‘What a horse – what a legacy’: farewell to one of Britain’s best 

  • Tributes and a final farewell have been paid to a horse who won triple Paralympic and European and double World Championship gold for Great Britain.

    Sophie Christiansen’s London 2012 superstar Janeiro 6 (Rio) has been put down aged 23. The combination finished in the top three in every international competition they contested, taking the freestyle in London with 84.75%, their personal best.

    Rio was bought from Ferdi Eilberg, who had won the advanced medium national championship on him.

    Sophie’s coach Clive Milkins said he “snuck off to ride him without anyone knowing”.

    “The first time I sat on him, I knew he would win golds in London,” he said.

    Rio went to Sophie in May 2011.

    “The rest is history,” Clive said. “The 30 international classes. Triple Paralympic, European and double gold at [the 2014 World Equestrian Games], only beaten because he was tired after a very late night session in the doping box the night before. The highest score at a Paralympics. Sophie’s personal best, and a record not yet beaten.”

    After his retirement in 2017, Rio became a schoolmaster for young para riders, cared for by Jo Alderton-Whitwoth and Jane Alderton, competing at the Riding for the Disabled Association national championships, and winning there in 2018.

    “He was treated like a king by Jo – he had his harem of donkeys, pigs and even on his last day, he was rearing and yelling when his girlfriend was taken out of sight,” Clive said.

    “He was a tough old goat with a sense of humour. Virtually impossible to hack out without coming home alone, he allowed you to ride him and if you picked up a whip he would remind you that he knew his job.

    “He adored Sophie and loved dancing with her. In the stables, he was my buddy.”

    Sophie told H&H she was delighted her partner had gone on to give young people the experience of riding a Paralympic champion – one who had originally been her back-up horse for London.

    “When my top horse had to be put down, he had to step up,” she said. “He took it all on board really well.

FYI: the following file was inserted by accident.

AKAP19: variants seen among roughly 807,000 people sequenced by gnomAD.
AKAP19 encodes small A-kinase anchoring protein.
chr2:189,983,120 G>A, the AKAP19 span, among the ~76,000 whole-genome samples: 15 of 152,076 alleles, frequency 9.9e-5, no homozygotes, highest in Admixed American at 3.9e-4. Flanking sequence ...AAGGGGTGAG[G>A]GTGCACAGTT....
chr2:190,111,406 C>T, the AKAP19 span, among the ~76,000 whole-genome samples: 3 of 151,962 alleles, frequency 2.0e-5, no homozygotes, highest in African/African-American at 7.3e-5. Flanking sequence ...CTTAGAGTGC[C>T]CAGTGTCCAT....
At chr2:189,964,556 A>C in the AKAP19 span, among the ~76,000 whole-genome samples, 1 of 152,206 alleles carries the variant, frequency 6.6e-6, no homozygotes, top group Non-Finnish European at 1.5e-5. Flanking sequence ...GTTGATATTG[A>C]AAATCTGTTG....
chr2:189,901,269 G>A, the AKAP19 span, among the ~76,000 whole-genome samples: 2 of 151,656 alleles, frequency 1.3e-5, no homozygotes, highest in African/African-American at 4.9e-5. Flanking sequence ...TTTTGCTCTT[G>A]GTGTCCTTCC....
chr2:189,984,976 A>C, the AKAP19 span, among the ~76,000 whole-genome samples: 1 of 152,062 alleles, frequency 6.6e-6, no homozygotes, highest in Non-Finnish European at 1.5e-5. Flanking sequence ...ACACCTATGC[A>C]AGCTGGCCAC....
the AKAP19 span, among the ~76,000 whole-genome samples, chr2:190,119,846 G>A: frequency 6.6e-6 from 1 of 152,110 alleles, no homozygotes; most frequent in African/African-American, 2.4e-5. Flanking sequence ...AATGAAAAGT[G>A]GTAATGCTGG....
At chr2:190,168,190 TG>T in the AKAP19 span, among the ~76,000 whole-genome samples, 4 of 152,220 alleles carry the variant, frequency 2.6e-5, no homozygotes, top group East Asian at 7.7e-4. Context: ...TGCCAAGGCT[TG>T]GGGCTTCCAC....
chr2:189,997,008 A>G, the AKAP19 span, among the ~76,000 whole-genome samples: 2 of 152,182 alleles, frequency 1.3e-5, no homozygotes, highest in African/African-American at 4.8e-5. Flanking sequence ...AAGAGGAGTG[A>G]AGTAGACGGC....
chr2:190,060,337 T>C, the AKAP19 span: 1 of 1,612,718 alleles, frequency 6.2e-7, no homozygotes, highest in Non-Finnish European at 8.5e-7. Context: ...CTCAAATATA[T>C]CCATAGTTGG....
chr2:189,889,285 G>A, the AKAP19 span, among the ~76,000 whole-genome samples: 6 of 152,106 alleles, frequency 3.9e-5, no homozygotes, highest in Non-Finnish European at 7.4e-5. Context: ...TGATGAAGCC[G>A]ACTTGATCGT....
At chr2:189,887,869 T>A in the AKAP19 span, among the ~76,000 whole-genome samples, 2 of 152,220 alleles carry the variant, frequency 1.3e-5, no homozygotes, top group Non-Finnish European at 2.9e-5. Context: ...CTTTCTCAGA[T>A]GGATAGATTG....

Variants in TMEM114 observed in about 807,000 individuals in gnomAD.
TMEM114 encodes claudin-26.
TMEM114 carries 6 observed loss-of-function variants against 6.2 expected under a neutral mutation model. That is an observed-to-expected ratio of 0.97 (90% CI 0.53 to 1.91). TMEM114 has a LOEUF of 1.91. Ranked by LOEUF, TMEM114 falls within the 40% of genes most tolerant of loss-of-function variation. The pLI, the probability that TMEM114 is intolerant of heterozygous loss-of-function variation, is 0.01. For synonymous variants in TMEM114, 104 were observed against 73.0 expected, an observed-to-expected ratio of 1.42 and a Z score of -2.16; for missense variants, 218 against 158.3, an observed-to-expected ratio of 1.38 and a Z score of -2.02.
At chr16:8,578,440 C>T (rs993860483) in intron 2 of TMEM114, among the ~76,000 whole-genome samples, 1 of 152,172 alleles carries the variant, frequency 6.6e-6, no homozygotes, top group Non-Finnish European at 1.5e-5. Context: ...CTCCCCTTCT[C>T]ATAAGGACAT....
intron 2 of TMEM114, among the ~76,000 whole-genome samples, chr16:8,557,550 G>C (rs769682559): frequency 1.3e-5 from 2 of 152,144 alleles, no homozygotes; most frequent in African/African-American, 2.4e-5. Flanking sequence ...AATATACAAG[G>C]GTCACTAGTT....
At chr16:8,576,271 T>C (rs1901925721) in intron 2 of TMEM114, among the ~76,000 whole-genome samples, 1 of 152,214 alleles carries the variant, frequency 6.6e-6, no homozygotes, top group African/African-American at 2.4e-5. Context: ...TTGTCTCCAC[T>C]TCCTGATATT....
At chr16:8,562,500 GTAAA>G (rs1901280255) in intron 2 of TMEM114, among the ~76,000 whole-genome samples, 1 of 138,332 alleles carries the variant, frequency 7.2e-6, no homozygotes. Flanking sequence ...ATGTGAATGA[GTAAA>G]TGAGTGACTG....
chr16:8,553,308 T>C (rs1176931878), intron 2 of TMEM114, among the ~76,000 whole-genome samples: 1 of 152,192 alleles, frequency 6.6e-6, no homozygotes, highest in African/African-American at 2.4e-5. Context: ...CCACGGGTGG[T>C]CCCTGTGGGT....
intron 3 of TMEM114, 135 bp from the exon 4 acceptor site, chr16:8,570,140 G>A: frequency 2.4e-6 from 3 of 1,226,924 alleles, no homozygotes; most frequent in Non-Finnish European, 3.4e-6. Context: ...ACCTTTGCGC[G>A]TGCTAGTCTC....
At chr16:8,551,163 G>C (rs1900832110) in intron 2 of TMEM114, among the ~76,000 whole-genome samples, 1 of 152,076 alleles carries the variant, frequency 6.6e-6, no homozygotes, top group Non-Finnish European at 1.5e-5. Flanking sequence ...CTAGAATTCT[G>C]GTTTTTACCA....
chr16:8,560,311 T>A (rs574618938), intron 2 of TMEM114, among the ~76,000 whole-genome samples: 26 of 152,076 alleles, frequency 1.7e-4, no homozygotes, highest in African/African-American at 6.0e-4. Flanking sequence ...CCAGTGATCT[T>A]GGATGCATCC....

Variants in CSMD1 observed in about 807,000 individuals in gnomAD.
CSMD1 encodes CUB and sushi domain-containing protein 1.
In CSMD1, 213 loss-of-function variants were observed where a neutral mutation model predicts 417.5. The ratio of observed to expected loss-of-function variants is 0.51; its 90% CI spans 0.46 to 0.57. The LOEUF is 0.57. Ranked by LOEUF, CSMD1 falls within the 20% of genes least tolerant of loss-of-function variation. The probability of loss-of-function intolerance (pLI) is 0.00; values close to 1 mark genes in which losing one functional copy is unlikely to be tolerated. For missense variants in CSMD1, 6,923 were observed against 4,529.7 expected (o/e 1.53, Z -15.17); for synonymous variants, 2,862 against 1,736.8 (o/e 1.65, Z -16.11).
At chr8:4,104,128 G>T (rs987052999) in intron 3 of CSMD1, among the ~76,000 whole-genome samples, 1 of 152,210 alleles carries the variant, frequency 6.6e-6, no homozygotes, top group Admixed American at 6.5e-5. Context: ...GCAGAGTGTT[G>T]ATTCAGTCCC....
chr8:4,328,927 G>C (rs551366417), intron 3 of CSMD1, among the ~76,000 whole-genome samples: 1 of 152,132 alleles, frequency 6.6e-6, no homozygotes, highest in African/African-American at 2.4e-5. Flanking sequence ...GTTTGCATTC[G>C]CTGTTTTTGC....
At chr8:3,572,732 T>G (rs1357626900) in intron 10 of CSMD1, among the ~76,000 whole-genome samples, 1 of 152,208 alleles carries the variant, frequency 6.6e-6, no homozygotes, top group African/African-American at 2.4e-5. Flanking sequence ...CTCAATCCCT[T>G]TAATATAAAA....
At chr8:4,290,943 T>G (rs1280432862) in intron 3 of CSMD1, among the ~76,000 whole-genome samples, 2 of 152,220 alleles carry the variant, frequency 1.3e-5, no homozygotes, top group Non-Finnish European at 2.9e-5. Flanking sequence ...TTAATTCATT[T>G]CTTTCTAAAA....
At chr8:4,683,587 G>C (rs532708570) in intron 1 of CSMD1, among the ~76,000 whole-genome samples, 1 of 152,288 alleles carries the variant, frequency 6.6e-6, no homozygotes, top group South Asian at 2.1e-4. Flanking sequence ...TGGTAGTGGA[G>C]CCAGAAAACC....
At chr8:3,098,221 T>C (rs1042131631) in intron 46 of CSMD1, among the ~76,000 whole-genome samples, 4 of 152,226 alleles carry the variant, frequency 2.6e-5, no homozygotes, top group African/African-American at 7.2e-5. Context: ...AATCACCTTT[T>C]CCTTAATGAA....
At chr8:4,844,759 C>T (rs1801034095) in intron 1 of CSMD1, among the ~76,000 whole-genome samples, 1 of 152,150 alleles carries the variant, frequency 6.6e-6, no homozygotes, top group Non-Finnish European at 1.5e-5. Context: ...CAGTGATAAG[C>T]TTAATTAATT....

“He taught me about trusting. I had to be in the right mindset to ride him but once I’d learned that, and to relax, our scores were phenomenal.”

    Sophie said London 2012 was an “unbelievable” experience, and she trusted Rio implicitly.

    “He was my favourite of the horses I’ve ridden, because of his personality,” she said. “I prefer them to have a bit of something and he was cheeky. My balance isn’t the best but he knew that, and he looked after me.”

    Sophie said Rio loved cuddles – even from her non-horsey boyfriend – and described him as “my best friend”.

    “Gone, but never forgotten,” she said. “He’s up there with Britain’s greatest horses. Not many horses have done what he did.”

    Clive said he always had faith in Rio, and confidence he would do the job.

    “In the arena, he knew he had to walk – and what a walk,” he said. “Big, powerful and like a panther; if you rode him on the buckle end, you would feel seasick with the trunk rotation. His temperament made him a great team horse, with a guaranteed high score as well as that extra something that made him a top individual.

    “Who will ever forget Sophie’s freestyle in London? It was more like the last night of the proms, with Land of Hope and Glory, the Shakespeare quotes and the Union Flags; a totally unique British way of winning a dressage gold medal.

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    “So many people contributed to Rio and Sophie’s success. From Jane [Goldsmith] for finding him, to Michel Assouline for keeping us all trained up for peak performance on any given day, to the whole of Team GBR for their constant health and welfare support, and to both South Bucks RDA and Ride to Achieve, who kept him in the best of health the whole time I cared for him.

    “Many will say he was just a horse, but for me he was such an important part of  Sophie’s dream team, he was my confidante, my team manager, and at many times my best friend as we shared so many journeys, and times together.

    “If he was just a horse, what a horse – what a legacy.”

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